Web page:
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Architecture (BSc/MArch)

  • UCAS code: K100
  • Next intake: September 2022
  • Duration: 5 years
  • Mode: Full time with work-based learning

Entry Year

Why study this course


A leading school of architecture

Study in one of the top 5 schools of architecture in the UK, joining our global community of staff and students.


Funded study visits

Benefit from School-funded study visits in Wales, UK and overseas, experiencing architecture first-hand and alongside teaching staff.


Research-led design

Our BSc promotes grounded creativity and responds to real-world challenges, producing quality graduates to address diverse demands and shape the future of design practice.


Highly employable graduates

98% of our graduates were in employment and/or further study 15 months after graduation (Graduate Outcomes Survey 2017/18)


Bespoke new facilities

Established c.1920 within the purpose-built Bute Building, recently refurbished to incorporate new facilities, including hybrid studios, workshop, digital fabrication and Living Lab.

The Welsh School of Architecture has a reputation for being one of the best in the UK. Our aim is to make the world a better place through contextually sensitive, sustainable and beautiful architecture.

Through our courses, we support our students to become well-rounded and capable individuals, by addressing the full range of skills required to be an architect. These include creative design, building construction and performance, environmental design, issues of sustainability, matters of professional responsibility and the duties of an architect, and an understanding of the historical and cultural contexts of architecture and urban design.

The BSc/MArch is a unique degree course as, after successful completion of the three-year ARB/RIBA Part 1 BSc with at least a 2:1 (or equivalent qualification from another university), students will spend most of the first year of the MArch in architectural practice. This is followed by a single, final year based in the school.
Part 1 and Part 2 of the UK professional qualification for architects are fulfilled by the BSc and MArch degrees, respectively. Both degrees are approved by the Royal Institute of British Architects (RIBA) and the Architects Registration Board (ARB). Students intending to become a registered architect in the United Kingdom will need to complete a Part 3 programme, for example our Postgraduate Diploma in Architecture: Professional Practice.

Most of your time on these courses is spent in the design studio, working on architectural design projects that grow in scale and complexity as you progress through them. Many of the skills mentioned above are developed through and integrated into design. We offer a range of working spaces, workshops and computer aided design facilities to support this.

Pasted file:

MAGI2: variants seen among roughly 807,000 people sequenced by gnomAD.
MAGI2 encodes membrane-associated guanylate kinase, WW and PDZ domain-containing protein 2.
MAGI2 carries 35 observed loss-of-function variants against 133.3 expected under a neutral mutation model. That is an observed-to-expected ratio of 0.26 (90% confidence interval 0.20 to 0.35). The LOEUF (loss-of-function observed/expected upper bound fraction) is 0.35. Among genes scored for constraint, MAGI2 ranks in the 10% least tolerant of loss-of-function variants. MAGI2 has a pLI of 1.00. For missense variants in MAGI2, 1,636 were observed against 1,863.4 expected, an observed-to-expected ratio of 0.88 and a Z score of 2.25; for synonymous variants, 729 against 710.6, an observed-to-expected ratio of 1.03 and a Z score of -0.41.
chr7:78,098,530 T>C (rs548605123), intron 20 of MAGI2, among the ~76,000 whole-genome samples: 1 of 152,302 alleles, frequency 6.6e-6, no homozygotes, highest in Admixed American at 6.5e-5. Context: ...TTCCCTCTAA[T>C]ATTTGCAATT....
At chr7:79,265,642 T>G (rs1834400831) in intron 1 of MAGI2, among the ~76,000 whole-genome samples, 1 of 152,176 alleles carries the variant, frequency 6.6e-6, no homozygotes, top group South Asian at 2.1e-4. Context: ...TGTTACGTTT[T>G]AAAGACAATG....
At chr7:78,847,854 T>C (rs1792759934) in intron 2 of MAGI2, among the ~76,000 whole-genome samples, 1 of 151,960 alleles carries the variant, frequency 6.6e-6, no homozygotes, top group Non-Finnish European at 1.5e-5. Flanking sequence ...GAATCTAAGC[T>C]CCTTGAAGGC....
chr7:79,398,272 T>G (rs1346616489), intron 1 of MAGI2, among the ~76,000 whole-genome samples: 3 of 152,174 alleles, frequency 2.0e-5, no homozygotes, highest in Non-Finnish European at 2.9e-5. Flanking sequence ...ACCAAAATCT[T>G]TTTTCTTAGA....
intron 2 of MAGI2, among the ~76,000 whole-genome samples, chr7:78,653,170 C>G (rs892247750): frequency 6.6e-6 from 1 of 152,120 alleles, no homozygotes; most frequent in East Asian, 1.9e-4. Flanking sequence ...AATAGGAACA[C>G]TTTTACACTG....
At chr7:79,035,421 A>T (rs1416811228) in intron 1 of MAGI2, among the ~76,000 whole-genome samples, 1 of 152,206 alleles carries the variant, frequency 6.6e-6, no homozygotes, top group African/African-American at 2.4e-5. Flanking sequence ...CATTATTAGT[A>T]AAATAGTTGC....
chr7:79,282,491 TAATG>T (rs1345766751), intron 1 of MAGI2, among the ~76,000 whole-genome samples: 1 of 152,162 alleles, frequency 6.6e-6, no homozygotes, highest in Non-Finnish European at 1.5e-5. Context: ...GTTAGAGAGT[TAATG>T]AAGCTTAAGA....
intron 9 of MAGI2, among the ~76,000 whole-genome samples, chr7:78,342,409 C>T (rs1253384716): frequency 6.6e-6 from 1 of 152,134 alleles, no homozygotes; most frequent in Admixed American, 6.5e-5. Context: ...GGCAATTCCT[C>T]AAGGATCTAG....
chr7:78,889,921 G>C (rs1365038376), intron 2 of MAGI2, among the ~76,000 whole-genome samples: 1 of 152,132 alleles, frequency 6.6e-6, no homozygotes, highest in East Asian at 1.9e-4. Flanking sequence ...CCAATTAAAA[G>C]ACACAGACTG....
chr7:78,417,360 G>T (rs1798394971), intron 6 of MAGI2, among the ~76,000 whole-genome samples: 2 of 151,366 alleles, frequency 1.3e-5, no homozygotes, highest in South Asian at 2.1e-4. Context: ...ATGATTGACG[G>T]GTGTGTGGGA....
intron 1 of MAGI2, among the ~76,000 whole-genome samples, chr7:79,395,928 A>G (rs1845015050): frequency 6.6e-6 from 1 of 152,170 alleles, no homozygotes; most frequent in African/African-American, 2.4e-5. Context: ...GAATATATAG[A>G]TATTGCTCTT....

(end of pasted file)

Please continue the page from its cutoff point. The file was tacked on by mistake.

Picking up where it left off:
You will be taught both by permanent academic staff and tutors from local and leading UK practices, providing an exciting mix of design approaches and experiences. As the leading school of architecture in Wales, we have good links with the Welsh Government, construction industry bodies and professional practice locally, and we also have strong international links.

If you already have a first degree and wish to apply for the MArch Part 2 only, please visit our postgraduate pages for more information.

Subject area: Architecture

  • academic-schoolWelsh School of Architecture
  • icon-chatGet in touch
  • Telephone+44 (0)29 2087 4430
  • MarkerKing Edward VII Avenue, Cardiff, CF10 3NB

Entry requirements


Extended/International Project Qualification: Applicants with grade A in the EPQ/IPQ will typically receive an offer one grade lower than the standard A level offer. Please note that any subject specific requirements must still be met.

The Welsh Baccalaureate Advanced Skills Challenge Certificate will be accepted in lieu of one A-Level (at the grades listed above), excluding any specified subjects.

36-34 overall including 6 in one HL subject or 666 in 3 HL subjects. 

DDD in a BTEC Extended Diploma in any subject. 

D in T Level Design, surveying and planning for construction.

Other UK qualifications may also be accepted, often in lieu of A-levels, but subject requirements must be met. If you are offering non-UK qualifications, our qualification equivalences guide should allow you to calculate what kind of offer you are likely to receive.

Please be aware that this is a general guide, and that some programmes may have more detailed or specific entry requirements which will be reflected in your offer.


Grade C or grade 4 in GCSE English Language.

IELTS (academic)

At least 6.5 overall with a minimum of 5.5 in each subskill.


At least 90 overall with minimum scores of 17 for writing, 17 for listening, 18 for reading and 20 for speaking.

PTE Academic

At least 62 overall with a minimum of 59 in all communicative skills.

Trinity ISE II/III

II: at least two Distinctions and two Merits.
III: at least a Pass in all components.

Other accepted qualifications

Please visit our English Language requirements page for more information on our other accepted language qualifications.

As part of the application process, you will need to submit a portfolio. It may include architectural drawings, other types of drawing, painting, sculpture, photography, graphics, product design or any other work in visual design. You can include as many images as you like, but please make sure they are clear and do justice to your work.